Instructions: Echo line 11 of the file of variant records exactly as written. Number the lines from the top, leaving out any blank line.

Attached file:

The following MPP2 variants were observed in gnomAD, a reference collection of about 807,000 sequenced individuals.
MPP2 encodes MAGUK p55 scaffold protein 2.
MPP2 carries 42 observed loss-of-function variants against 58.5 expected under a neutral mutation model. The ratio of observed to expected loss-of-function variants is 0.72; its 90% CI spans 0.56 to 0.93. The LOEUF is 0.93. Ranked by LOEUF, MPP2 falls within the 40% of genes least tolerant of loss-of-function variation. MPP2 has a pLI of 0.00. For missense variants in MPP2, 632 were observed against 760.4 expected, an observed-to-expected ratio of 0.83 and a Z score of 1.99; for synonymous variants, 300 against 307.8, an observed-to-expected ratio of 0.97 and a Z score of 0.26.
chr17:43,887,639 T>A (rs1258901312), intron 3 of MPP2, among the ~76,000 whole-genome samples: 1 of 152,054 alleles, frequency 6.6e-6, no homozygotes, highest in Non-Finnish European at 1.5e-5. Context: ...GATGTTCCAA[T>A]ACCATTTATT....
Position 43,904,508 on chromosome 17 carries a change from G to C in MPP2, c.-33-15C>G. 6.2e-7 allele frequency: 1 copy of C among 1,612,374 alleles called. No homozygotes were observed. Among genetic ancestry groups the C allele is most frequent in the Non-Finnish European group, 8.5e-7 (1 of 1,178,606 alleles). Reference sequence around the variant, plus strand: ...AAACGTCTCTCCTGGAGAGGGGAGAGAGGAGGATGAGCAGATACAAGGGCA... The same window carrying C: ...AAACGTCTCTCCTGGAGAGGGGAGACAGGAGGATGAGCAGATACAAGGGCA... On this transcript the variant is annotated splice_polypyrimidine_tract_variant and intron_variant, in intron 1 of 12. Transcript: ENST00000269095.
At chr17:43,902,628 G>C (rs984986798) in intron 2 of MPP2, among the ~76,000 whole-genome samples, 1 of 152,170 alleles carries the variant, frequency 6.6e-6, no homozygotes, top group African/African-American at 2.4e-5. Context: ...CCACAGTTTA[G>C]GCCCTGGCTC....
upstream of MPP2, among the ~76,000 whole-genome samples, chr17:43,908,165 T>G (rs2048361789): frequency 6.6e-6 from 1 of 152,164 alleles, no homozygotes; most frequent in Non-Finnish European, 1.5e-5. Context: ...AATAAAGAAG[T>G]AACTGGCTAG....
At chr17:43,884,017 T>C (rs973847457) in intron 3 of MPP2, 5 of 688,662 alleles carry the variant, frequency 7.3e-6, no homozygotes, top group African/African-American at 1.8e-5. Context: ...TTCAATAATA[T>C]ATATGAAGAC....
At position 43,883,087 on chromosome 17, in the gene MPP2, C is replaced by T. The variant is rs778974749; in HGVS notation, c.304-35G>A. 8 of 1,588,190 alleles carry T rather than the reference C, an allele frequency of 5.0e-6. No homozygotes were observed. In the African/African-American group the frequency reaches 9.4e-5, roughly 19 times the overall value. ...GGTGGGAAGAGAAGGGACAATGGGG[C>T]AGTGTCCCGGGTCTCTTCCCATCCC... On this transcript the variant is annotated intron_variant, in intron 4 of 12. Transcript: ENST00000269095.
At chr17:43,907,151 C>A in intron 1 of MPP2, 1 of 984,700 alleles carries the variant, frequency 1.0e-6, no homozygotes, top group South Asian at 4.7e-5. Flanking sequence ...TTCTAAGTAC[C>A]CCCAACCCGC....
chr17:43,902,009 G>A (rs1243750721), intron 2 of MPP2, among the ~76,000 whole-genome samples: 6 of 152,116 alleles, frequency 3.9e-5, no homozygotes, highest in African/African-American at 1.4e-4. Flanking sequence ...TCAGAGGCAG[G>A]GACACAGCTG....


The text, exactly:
chr17:43,902,009 G>A (rs1243750721), intron 2 of MPP2, among the ~76,000 whole-genome samples: 6 of 152,116 alleles, frequency 3.9e-5, no homozygotes, highest in African/African-American at 1.4e-4. Flanking sequence ...TCAGAGGCAG[G>A]GACACAGCTG....